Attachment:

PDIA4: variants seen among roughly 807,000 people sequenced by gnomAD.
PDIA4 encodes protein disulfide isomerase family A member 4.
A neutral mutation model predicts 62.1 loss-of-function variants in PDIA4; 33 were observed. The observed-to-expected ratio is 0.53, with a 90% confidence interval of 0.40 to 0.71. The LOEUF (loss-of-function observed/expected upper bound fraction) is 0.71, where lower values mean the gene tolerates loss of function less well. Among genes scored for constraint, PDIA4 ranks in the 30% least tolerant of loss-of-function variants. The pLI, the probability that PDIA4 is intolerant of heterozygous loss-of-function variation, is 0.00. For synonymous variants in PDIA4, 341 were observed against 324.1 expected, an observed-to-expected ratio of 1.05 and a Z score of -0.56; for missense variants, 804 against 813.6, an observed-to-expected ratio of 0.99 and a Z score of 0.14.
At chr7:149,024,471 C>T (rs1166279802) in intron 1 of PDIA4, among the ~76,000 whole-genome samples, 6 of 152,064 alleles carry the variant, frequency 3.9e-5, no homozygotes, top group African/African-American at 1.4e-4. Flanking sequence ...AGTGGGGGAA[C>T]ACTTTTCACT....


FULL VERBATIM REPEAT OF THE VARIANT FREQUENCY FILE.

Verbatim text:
PDIA4: variants seen among roughly 807,000 people sequenced by gnomAD.
PDIA4 encodes protein disulfide isomerase family A member 4.
A neutral mutation model predicts 62.1 loss-of-function variants in PDIA4; 33 were observed. The observed-to-expected ratio is 0.53, with a 90% confidence interval of 0.40 to 0.71. The LOEUF (loss-of-function observed/expected upper bound fraction) is 0.71, where lower values mean the gene tolerates loss of function less well. Among genes scored for constraint, PDIA4 ranks in the 30% least tolerant of loss-of-function variants. The pLI, the probability that PDIA4 is intolerant of heterozygous loss-of-function variation, is 0.00. For synonymous variants in PDIA4, 341 were observed against 324.1 expected, an observed-to-expected ratio of 1.05 and a Z score of -0.56; for missense variants, 804 against 813.6, an observed-to-expected ratio of 0.99 and a Z score of 0.14.
At chr7:149,024,471 C>T (rs1166279802) in intron 1 of PDIA4, among the ~76,000 whole-genome samples, 6 of 152,064 alleles carry the variant, frequency 3.9e-5, no homozygotes, top group African/African-American at 1.4e-4. Flanking sequence ...AGTGGGGGAA[C>T]ACTTTTCACT....